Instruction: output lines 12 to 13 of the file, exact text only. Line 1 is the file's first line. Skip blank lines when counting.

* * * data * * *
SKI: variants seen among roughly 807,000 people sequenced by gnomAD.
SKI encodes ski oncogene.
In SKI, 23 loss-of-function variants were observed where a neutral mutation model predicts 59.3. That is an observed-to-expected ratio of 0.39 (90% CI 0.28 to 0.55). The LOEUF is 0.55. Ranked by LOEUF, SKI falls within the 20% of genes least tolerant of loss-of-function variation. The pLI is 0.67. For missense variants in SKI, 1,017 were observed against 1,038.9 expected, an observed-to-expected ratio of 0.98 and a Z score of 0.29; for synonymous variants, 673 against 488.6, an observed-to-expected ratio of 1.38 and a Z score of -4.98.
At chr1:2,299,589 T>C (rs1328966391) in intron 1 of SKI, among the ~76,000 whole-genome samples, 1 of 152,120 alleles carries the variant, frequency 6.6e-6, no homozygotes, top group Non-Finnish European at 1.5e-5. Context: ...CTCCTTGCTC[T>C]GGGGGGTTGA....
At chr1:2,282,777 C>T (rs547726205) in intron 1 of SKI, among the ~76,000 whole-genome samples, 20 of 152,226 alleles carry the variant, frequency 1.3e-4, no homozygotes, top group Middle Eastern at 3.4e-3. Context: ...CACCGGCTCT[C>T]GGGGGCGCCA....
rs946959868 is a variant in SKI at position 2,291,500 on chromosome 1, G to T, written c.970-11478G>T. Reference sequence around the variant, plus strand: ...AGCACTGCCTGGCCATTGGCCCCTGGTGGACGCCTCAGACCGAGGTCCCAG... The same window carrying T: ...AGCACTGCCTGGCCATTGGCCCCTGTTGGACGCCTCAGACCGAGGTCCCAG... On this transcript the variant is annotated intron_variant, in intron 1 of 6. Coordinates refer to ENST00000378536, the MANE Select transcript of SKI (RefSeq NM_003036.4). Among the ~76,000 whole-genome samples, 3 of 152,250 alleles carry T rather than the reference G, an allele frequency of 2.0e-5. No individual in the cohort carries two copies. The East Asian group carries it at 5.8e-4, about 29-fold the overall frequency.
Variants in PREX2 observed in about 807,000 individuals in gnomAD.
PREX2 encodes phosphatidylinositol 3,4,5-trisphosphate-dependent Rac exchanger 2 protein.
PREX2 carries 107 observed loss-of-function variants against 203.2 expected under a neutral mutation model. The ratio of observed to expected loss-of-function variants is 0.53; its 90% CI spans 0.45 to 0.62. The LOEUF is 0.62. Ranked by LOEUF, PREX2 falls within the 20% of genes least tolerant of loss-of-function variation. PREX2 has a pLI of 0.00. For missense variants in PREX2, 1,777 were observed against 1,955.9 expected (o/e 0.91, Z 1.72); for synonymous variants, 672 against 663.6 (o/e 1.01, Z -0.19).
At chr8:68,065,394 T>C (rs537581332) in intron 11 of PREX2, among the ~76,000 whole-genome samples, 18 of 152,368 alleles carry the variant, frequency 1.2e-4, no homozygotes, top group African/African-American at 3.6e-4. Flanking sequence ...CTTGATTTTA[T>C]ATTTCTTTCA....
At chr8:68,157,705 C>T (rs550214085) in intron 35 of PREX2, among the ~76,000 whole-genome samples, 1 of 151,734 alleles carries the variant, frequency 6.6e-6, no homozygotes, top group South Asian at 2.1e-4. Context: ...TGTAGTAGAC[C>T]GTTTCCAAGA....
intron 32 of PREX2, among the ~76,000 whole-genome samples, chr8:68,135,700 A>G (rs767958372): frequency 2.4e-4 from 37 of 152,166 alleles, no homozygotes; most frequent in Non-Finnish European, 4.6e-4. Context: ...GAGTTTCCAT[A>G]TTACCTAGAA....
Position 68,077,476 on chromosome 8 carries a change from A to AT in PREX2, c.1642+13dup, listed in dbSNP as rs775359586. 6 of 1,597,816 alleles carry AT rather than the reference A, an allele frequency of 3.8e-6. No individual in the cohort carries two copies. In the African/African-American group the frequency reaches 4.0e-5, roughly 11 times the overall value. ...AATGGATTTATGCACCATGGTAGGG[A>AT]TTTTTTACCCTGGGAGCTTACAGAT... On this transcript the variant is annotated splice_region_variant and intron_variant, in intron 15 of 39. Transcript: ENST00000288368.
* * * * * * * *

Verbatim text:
intron 32 of PREX2, among the ~76,000 whole-genome samples, chr8:68,135,700 A>G (rs767958372): frequency 2.4e-4 from 37 of 152,166 alleles, no homozygotes; most frequent in Non-Finnish European, 4.6e-4. Context: ...GAGTTTCCAT[A>G]TTACCTAGAA....
Position 68,077,476 on chromosome 8 carries a change from A to AT in PREX2, c.1642+13dup, listed in dbSNP as rs775359586. 6 of 1,597,816 alleles carry AT rather than the reference A, an allele frequency of 3.8e-6. No individual in the cohort carries two copies. In the African/African-American group the frequency reaches 4.0e-5, roughly 11 times the overall value. ...AATGGATTTATGCACCATGGTAGGG[A>AT]TTTTTTACCCTGGGAGCTTACAGAT... On this transcript the variant is annotated splice_region_variant and intron_variant, in intron 15 of 39. Transcript: ENST00000288368.